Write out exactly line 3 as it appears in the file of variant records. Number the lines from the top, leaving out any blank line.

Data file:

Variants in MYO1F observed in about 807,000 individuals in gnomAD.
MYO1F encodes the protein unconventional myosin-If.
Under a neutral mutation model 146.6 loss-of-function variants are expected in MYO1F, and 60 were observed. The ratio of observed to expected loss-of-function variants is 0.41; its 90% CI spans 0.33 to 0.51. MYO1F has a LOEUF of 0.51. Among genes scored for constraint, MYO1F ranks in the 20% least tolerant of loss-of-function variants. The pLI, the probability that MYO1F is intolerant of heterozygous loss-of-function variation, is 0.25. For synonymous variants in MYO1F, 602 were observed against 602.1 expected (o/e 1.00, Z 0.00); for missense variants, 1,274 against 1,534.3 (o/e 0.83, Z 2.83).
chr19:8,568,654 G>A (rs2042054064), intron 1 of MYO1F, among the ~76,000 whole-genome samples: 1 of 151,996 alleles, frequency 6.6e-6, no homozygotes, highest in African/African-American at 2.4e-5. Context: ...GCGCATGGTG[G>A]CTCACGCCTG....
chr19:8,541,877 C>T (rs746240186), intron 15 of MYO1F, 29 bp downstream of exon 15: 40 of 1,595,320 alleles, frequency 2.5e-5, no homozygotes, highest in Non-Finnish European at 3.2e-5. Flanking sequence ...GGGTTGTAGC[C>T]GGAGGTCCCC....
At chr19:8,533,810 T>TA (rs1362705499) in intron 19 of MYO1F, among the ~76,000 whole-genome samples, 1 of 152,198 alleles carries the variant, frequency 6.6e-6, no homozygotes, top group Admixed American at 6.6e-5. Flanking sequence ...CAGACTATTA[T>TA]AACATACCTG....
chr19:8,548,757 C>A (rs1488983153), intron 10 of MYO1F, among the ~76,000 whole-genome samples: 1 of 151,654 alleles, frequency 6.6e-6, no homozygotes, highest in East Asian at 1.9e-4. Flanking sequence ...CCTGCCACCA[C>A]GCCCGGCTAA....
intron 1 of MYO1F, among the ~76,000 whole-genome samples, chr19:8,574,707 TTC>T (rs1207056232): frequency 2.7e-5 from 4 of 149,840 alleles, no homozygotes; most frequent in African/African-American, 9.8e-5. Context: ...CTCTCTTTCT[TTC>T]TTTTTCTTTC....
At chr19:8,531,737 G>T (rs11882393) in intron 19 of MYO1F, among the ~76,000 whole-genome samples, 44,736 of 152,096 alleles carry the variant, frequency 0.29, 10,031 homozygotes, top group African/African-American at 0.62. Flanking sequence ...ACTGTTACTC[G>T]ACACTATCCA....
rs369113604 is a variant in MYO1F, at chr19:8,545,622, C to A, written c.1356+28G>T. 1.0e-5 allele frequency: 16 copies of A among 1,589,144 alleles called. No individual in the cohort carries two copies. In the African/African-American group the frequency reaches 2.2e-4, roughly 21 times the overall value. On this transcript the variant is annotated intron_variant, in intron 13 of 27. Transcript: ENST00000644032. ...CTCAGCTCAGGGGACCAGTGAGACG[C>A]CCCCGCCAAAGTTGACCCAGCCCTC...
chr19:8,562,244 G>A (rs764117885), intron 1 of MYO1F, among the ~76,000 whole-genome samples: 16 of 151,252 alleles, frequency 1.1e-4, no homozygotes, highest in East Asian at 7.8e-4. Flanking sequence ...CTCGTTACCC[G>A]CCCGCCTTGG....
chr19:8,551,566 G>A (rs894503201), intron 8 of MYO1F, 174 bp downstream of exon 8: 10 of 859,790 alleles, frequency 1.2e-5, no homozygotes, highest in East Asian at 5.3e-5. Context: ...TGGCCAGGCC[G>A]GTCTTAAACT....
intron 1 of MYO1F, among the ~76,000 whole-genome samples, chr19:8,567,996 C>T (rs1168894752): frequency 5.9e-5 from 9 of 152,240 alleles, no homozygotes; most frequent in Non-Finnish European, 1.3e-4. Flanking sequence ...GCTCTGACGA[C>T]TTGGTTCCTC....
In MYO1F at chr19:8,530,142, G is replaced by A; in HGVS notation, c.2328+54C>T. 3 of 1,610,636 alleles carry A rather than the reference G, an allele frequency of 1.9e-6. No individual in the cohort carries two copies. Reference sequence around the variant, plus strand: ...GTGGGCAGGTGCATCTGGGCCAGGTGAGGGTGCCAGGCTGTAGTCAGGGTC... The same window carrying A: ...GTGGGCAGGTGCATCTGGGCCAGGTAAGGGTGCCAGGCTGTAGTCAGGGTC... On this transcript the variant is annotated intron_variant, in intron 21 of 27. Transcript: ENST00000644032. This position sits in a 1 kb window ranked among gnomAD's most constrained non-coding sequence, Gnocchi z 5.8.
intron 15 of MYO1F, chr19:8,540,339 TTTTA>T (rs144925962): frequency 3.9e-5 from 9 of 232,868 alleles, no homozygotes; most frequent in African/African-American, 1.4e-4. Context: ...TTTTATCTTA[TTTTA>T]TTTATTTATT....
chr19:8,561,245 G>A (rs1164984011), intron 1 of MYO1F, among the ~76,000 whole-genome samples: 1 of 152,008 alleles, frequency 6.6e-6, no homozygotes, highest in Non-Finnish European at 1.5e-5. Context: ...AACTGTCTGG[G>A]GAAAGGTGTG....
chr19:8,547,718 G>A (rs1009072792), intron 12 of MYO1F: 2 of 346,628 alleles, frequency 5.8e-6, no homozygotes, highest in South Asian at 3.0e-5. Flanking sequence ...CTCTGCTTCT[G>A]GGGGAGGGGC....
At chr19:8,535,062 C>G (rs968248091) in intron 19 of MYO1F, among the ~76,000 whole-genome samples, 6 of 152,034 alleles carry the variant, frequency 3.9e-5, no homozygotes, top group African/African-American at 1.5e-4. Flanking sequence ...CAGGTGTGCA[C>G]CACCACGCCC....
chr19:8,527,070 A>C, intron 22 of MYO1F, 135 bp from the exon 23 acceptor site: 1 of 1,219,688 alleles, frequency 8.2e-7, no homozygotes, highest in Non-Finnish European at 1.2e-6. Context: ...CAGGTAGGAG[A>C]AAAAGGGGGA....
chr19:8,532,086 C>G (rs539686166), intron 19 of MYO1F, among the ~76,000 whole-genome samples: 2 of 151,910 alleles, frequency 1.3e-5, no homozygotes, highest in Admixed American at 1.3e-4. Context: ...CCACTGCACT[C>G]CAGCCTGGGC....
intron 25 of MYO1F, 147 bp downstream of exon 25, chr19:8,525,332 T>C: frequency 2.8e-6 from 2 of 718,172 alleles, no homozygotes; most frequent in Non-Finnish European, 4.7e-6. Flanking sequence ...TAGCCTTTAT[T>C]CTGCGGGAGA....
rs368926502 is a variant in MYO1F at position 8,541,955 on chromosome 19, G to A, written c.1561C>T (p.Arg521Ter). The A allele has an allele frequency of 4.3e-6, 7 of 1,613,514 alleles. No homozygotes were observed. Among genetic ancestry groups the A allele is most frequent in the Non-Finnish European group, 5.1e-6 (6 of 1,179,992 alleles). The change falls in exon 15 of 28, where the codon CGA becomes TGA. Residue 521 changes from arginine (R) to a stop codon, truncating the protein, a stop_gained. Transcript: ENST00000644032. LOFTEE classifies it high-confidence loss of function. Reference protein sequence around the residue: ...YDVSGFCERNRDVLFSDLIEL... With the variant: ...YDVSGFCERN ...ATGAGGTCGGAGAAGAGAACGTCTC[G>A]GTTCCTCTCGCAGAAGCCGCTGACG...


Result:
Under a neutral mutation model 146.6 loss-of-function variants are expected in MYO1F, and 60 were observed. The ratio of observed to expected loss-of-function variants is 0.41; its 90% CI spans 0.33 to 0.51. MYO1F has a LOEUF of 0.51. Among genes scored for constraint, MYO1F ranks in the 20% least tolerant of loss-of-function variants. The pLI, the probability that MYO1F is intolerant of heterozygous loss-of-function variation, is 0.25. For synonymous variants in MYO1F, 602 were observed against 602.1 expected (o/e 1.00, Z 0.00); for missense variants, 1,274 against 1,534.3 (o/e 0.83, Z 2.83).